Washington parents receive mixed messages from school administrators about the importance of tests in the elementary school admissions process. On the one hand, they're told to relax: IQ scores aren't that important, there are many factors in admissions. At the same time, administrators tell parents not to take their child in for testing if she is sick, grumpy, or sad on the day of testing — a clear implication that the tests matter. In fact, test scores matter more than parents are told, but school administrators know that parents will become tense if their fears are not assuaged. To
the schools, relying heavily on IQ scores makes institutional sense. After all, most of the very young children applying are well groomed, well spoken, and bright, and come from white, wealthy, and hypereducated families. How else are these schools supposed to "weed out," as one local psychologist put it, the overabundant attractive and able three- and four-year-olds?
A parent's nightmare is if her child simply isn't in the mood to play along with the psychologist administering the test, as exemplified by Mary, a brown-haired young girl in Washington, D.C. Mary walked out of a psychologist's office and into the waiting room, with a therapist in her early thirties in tow.
"Mary, what's the difference between a horse and a pony?" the therapist asked earnestly.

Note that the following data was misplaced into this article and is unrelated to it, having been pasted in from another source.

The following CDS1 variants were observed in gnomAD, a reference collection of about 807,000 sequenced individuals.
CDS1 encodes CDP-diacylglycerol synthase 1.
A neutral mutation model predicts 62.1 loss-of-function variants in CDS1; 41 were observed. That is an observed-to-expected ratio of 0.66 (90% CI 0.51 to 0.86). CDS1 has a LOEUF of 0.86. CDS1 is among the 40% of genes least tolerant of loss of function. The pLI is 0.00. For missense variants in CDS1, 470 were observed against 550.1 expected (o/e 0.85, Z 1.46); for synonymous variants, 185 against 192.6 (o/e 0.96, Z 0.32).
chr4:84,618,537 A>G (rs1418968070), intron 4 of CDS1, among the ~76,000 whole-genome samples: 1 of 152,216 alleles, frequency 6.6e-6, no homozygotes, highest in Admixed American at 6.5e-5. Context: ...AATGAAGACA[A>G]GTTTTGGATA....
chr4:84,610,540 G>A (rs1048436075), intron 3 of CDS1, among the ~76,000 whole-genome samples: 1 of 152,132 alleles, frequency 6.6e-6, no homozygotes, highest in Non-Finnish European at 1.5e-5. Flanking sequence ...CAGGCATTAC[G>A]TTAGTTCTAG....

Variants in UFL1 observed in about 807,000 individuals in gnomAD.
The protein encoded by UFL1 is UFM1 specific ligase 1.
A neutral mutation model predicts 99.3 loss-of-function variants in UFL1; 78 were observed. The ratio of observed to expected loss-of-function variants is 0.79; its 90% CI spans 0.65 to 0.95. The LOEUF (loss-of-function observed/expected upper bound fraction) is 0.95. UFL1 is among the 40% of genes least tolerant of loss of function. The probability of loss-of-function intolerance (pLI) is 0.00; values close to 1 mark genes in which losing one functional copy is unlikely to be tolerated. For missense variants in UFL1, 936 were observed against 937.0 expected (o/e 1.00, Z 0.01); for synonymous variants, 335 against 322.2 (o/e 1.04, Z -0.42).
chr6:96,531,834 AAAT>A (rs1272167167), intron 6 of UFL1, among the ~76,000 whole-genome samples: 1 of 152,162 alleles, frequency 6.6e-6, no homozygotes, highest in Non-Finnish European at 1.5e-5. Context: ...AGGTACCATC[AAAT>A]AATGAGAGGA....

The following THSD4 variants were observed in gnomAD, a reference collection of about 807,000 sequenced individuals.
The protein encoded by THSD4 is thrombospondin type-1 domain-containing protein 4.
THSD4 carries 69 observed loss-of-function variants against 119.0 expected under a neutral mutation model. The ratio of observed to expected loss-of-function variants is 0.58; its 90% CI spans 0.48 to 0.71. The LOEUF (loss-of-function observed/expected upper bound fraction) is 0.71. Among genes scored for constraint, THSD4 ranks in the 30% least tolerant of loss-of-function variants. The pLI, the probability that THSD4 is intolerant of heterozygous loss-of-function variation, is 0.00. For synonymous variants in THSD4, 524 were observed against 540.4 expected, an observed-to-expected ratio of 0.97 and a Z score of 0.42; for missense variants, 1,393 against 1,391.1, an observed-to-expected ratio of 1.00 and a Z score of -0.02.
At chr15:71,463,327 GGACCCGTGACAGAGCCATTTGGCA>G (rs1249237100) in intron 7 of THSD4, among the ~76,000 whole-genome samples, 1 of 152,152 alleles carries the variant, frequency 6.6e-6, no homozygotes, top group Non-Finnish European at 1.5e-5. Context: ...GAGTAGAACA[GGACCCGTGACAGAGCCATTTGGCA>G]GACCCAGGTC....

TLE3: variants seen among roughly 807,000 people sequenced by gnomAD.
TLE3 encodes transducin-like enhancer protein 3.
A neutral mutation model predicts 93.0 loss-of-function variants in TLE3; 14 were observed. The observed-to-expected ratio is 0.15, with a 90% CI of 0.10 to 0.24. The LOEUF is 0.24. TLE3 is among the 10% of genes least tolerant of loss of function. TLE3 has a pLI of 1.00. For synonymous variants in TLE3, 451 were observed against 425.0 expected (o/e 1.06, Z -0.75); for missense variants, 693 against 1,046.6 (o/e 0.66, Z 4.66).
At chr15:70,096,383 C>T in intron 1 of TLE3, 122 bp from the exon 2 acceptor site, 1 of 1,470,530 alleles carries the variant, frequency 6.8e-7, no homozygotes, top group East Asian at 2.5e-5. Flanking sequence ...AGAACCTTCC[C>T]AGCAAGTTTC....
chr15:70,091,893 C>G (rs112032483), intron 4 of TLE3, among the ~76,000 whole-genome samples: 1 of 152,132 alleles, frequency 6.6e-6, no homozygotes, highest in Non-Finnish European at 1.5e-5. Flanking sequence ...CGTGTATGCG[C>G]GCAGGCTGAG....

Mary paid her no attention, but simply sat down on a couch to play with her doll next to me as I waited for an interview.
"Mary, what's the difference between a horse and a pony?" she was asked again, but Mary knew the value of selective hearing better than someone married for thirty years. There's no convincing a stubborn young girl that although the pony-horse distinction may seem frivolous, this is a test, and it's important. By the time the psychologist doggedly posed her taxonomic question a third time, Mary had had enough. She turned to me and said, proffering her playmate in a pointed snub to the tester, "Will you put a diaper on my doll?"
Who knows how Mary's score was affected? For tests that are supposed to measure innate ability in large part, it's an open secret that a child's mood will affect her score. For generations, critics of IQ tests have worried that it's the good kids, those willing to follow adult rules, who do well on the tests. Good psychologists try to take a child's mood and energy level into account when administering these tests, but there's only so much they can do when they see her only once.
As Tim's speech therapy moved along, Janet was unsure how it was progressing. She thought the therapist was good, "but not a warm and fuzzy woman. Once [the therapist] was watching him draw and she said, right in front of him, 'That's not normal.'"
"They want you to draw a stick figure at a certain age and he couldn't," Janet explained. So Janet sent Tim to an occupational therapist to do fine and gross motor skill work as well, although she found it a little odd. She had heard that occupational therapy helps, but she wasn't convinced it had been "scientifically proven."
The therapist gave her a brush to use on Tim's skin, essentially so he would get comfortable in his own skin. Janet and her husband were supposed to do it every day, but they wondered at its efficacy and didn't do it very often.
"So at one point," Janet said, "he was going to speech therapy twice a week and occupational therapy twice a week." Either despite or because of all this therapy, Tim began to stutter. "His face would get all contorted," she said raising both hands near her face, so she asked the speech therapist to work on stuttering as well.